The Knobble is the best possible tool for applying a focused pressure to a specific spot on the side of the hip. This is the best tool for the long term, once you know where to aim it & have worked your way up to tolerating stronger pressures.
About Paul Ingraham
I am a science writer, former massage therapist, and I was the assistant editor at ScienceBasedMedicine.org for several years. I have had my share of injuries and pain challenges as a runner and ultimate player. My wife and I live in downtown Vancouver, Canada. See my full bio and qualifications, or my blog, Writerly. You might run into me on Facebook or Twitter.
What’s new in this article?
2017 — Science update — Cited evidence of poor correlation between hip pain and radiographic signs of arthritis (Kim et al).
2016 — Added footnote explaining contralateral gluteus medius and minimus action. Added footnote about the poor safety record of hip replacement surgery. Miscellaneous minor edits.
2016 — Miscellaneous editing and improvements. Fixed a few minor errors, moved some details into footnotes.
Appendix A: Is trigger point therapy too good to be true?
Trigger point therapy isn’t too good to be true: it’s just ordinary good. It can probably relieve some pain cheaply and safely in many cases. Good bang for buck, and little risk. In the world of pain treatments, that’s a good mix.
But pain is difficult and complex, no treatment is perfect, and there is legitimate controversy about the science of trigger points. Their nature remains somewhat puzzling, and the classic image of a tightly “contracted patch” of muscle tissue may well be wrong. What we do know is that people hurt, and it can often be helped.
The Perfect Spots are based on a decade of my own clinical experience as a massage therapist, and years of extensive science journalism on the topic. Want to know more? This is the tip of the iceberg. I’ve written a whole book about it …
Not too good to be true.
Just ordinary good. Trigger point therapy isn’t a miracle cure, but it is a valuable life skill. Practically anyone can benefit at least a little & many will experience significant relief from stubborn aches & pains. The first several sections are free.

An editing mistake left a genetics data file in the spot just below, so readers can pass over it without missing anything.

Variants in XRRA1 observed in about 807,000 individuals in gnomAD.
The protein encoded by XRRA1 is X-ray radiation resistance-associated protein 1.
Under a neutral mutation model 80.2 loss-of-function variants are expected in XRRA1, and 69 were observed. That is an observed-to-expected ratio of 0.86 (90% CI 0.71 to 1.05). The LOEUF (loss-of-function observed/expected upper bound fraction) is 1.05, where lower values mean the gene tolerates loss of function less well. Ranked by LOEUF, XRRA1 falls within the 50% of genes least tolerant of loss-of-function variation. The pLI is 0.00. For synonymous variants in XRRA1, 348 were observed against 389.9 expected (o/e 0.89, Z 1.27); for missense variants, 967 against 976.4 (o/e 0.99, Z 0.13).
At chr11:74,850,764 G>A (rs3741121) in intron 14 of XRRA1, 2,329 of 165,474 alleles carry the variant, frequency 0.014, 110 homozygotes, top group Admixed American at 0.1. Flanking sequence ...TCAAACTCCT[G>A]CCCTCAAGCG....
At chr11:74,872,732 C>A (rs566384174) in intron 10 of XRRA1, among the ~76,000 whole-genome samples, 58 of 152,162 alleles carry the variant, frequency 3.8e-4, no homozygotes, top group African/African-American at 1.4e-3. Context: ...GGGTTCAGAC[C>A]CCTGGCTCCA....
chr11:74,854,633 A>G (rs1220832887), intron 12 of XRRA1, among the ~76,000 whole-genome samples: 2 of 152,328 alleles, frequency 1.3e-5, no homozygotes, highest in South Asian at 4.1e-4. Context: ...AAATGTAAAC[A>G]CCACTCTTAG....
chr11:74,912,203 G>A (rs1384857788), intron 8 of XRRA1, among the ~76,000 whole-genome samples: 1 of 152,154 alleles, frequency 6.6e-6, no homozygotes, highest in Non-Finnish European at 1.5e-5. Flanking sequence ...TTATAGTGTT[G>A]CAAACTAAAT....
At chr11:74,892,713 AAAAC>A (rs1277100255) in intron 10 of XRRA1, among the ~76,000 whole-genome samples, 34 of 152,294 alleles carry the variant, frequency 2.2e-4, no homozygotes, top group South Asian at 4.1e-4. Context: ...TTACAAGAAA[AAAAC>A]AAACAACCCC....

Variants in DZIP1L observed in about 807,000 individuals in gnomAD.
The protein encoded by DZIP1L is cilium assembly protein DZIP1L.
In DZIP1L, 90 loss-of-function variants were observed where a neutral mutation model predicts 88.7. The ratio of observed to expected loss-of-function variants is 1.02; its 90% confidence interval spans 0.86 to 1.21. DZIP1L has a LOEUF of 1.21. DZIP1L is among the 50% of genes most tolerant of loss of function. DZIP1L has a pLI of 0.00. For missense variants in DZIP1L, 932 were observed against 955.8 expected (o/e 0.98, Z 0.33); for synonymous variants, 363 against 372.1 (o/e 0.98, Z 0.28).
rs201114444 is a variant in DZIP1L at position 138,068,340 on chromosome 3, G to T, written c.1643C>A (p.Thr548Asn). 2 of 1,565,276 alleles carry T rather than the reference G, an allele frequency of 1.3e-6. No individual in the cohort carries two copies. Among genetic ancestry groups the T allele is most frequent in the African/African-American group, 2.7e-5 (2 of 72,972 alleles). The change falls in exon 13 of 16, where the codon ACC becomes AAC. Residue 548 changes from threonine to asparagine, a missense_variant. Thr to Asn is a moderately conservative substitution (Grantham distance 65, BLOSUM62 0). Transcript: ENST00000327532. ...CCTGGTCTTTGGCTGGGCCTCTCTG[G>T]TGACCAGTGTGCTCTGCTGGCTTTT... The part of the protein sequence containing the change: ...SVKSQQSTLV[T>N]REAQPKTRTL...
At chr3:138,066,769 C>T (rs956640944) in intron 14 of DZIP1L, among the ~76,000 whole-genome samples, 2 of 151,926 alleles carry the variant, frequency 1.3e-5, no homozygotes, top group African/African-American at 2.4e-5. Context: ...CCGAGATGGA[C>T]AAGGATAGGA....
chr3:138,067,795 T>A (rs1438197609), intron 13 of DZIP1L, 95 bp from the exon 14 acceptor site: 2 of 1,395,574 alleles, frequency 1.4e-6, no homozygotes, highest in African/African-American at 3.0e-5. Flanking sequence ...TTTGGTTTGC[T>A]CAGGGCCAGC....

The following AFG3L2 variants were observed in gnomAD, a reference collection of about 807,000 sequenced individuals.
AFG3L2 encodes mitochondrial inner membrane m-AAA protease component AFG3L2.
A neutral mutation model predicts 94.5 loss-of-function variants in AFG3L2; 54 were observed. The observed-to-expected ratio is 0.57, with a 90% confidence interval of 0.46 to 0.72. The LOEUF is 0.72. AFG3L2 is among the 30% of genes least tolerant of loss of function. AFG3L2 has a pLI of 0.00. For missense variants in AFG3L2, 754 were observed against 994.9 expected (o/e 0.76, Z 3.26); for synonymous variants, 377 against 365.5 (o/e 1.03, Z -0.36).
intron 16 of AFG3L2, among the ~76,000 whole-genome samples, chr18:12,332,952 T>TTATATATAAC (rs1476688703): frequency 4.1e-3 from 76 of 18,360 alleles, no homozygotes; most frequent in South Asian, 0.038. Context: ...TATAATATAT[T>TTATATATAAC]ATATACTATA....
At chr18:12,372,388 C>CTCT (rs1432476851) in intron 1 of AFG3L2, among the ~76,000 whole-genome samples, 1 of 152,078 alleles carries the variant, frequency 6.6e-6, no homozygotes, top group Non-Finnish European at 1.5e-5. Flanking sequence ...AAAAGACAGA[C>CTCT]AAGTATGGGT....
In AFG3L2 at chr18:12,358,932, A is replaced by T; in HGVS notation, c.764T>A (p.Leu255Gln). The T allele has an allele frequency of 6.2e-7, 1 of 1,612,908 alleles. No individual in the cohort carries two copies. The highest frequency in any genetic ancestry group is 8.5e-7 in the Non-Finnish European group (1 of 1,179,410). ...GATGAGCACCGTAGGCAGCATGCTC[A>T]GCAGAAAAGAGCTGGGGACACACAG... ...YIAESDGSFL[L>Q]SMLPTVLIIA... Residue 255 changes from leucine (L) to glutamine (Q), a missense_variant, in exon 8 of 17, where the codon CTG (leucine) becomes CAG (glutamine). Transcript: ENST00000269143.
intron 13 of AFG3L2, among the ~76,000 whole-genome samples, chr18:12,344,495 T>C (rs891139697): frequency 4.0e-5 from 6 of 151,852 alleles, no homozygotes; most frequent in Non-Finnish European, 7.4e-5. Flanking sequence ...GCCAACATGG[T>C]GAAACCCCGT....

Appendix B: Quick Reference Guide to the Perfect Spots
Under the back of the skull must be the single most pleasing and popular target for massage in the human body. No other patch of muscle gets such rave reviews. It has everything: deeply relaxing and satisfying sensations, and a dramatic therapeutic relevance to one of the most common of all human pains, the common tension headache. And no wonder: without these muscles, your head would fall off. They feel just as important as they are. (Click/tap heading to read more.)
|for pain: almost anywhere in the head, face and neck, but especially the side of the head, behind the ear, the temples and forehead||related to: headache, neck pain, migraine||muscle(s): suboccipital muscles (recti capitis posteriores major and minor, obliqui inferior and superior)|
This Perfect Spot lives in the “thoracolumbar corner,” a nook between your lowest rib and your spine — right where the stability of the rib cage and thoracic vertebrae gives way to the relative instability of the lumbar spine. It consists of trigger points in the upper-central corner of the quadratus (square) lumborum muscle and in the thick column of muscle that braces the spine, the erector spinae. (Click/tap heading to read more.)
|for pain: anywhere in the low back, tailbone, lower buttock, abdomen, groin, side of the hip||related to: low back pain, herniated disc||muscle(s): quadratus lumborum, erector spinae|
Perfect Spot No. 3 is in your shins — seemingly an unlikely place for muscle knots! But there is meat there, and if you’ve ever had shin splints then you know just how vulnerable that meat can be. Even if you’ve never suffered so painfully, your shins probably still suffer in silence — latent trigger points in the upper third of the shin that don’t cause symptoms, but are plenty sensitive if you press on them. (Click/tap heading to read more.)